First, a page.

I once saw a short Italian film about a 10 year old boy whose widowed father, a highly- regarded author, was killed by a pig. The father was walking under a balcony in an old Italian village. The balcony crumbled due to  the weight of a huge hog – which spent its life sunning on the balcony and consuming leftovers.

When at boarding school everyone laughed at this boy when they heard how the his father died. The boy was mortified and ashamed.

Fast forward in the story.

A young man- let’s say…. a young teen,  he falls in love with a young woman. He is deeply smitten. So smitten  he invites the young woman to visit with is dour, maiden Aunt, his only living relative.

His  Aunt has deified her late brother, having built an altar-like centerpiece in her living room featuring all the books her late brother wrote, celebratory reviews, photos, etc.  The shrine creates  a haunting, stuffy, and sad  atmosphere.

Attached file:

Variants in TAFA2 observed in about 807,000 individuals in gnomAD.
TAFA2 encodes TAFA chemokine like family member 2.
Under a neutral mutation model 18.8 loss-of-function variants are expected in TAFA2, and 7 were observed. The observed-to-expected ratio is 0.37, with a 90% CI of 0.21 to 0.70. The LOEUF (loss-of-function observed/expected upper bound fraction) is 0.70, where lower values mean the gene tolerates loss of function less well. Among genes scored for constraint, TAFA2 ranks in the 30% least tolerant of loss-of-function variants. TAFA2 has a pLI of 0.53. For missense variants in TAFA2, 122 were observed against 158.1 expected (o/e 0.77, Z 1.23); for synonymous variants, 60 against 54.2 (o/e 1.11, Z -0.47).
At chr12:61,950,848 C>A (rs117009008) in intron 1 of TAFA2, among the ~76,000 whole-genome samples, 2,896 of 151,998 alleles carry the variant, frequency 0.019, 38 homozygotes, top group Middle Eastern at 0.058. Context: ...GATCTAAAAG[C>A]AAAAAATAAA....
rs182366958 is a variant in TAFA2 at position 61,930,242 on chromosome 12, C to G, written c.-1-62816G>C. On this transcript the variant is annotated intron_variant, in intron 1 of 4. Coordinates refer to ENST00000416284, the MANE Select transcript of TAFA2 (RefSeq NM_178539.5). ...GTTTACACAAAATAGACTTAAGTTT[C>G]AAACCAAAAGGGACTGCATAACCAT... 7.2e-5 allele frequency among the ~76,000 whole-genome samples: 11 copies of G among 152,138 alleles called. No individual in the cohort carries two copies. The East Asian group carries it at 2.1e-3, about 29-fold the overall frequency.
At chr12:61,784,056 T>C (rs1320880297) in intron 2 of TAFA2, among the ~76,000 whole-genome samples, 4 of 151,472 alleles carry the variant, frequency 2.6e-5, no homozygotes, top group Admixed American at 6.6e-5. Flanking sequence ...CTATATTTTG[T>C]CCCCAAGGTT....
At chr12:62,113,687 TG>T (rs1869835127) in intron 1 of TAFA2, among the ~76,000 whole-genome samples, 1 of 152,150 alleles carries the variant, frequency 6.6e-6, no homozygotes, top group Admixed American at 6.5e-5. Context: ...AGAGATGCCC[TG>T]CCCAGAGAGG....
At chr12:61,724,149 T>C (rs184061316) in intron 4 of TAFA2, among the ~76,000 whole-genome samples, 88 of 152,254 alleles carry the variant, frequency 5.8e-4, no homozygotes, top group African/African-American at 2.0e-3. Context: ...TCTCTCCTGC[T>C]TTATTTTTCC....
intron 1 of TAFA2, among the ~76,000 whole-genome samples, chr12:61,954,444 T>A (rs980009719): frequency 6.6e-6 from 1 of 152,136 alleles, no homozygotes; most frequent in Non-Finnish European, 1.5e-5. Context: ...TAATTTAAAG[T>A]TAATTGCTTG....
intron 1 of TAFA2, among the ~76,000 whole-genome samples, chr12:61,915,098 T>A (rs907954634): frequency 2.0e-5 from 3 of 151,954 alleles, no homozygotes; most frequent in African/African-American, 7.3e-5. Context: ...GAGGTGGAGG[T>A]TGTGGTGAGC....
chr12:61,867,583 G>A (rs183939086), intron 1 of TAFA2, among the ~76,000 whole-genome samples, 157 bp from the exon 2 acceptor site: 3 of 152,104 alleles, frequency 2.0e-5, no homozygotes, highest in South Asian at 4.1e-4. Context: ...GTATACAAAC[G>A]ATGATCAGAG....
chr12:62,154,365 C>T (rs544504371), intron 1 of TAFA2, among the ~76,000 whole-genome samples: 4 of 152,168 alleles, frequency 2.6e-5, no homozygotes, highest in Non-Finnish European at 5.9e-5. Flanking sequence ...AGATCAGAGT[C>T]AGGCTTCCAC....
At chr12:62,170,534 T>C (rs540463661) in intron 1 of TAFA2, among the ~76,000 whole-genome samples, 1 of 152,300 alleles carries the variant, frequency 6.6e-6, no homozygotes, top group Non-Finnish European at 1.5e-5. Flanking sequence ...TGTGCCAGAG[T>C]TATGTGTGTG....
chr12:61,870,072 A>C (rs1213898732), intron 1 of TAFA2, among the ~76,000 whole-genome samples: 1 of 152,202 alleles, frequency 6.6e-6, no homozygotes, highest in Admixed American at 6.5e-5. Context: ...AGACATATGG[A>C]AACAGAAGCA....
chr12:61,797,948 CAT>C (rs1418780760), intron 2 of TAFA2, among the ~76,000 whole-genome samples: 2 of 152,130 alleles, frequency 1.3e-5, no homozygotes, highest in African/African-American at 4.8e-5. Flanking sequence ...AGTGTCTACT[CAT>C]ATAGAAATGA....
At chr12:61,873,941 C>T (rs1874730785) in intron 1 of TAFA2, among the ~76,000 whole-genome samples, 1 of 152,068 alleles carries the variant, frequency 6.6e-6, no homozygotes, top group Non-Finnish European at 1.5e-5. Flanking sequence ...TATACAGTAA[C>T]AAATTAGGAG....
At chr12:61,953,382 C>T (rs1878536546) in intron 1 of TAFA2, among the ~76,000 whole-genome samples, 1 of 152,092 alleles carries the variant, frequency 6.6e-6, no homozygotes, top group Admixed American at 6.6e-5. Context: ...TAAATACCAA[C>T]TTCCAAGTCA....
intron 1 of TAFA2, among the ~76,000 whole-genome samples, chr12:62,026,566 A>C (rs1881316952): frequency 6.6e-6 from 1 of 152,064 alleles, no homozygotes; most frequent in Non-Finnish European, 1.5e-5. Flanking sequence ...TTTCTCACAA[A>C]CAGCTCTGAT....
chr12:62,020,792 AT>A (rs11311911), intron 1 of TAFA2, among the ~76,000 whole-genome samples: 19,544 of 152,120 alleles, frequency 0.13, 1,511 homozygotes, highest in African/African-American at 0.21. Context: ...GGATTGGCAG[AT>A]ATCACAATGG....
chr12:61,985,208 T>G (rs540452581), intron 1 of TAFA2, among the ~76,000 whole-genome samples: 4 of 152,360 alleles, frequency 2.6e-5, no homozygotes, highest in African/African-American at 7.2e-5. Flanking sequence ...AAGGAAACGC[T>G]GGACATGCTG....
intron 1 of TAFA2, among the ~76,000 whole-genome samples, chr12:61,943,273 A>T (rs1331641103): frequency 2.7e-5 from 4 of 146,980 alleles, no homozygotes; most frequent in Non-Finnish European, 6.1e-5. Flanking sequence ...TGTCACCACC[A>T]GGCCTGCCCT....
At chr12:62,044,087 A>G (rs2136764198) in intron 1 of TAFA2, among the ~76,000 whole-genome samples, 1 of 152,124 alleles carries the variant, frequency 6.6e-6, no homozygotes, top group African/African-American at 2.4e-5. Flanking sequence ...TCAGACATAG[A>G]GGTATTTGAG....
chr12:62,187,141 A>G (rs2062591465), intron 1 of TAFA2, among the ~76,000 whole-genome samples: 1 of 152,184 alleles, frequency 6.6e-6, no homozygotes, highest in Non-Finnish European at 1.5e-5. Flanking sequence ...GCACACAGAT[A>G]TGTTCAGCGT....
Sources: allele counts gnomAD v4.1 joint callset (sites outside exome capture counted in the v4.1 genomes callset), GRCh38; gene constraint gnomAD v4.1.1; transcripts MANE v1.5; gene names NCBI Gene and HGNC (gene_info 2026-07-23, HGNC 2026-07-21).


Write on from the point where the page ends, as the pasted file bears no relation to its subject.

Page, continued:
Prior to  this visit, all the girl knows is that her beau is fatherless. So, upon seeing the altar she is motivated to ask, “Exactly; how did he die?”

You have to remember that this young man has become a withdrawn and hesitant fellow due to the barrage of laughs shot at him whenever he had to recount that his illustrious father was killed by a falling pig.

In the climactic scene, the girl’s innocent, and perfectly reasonable question hangs in the air.

Our hero gazes at her, swallows hard. His  Aunt proceeds to recount the facts.

The young couple remain staring  at one another. Her eyes register some question-but she hesitates, and they remain silent.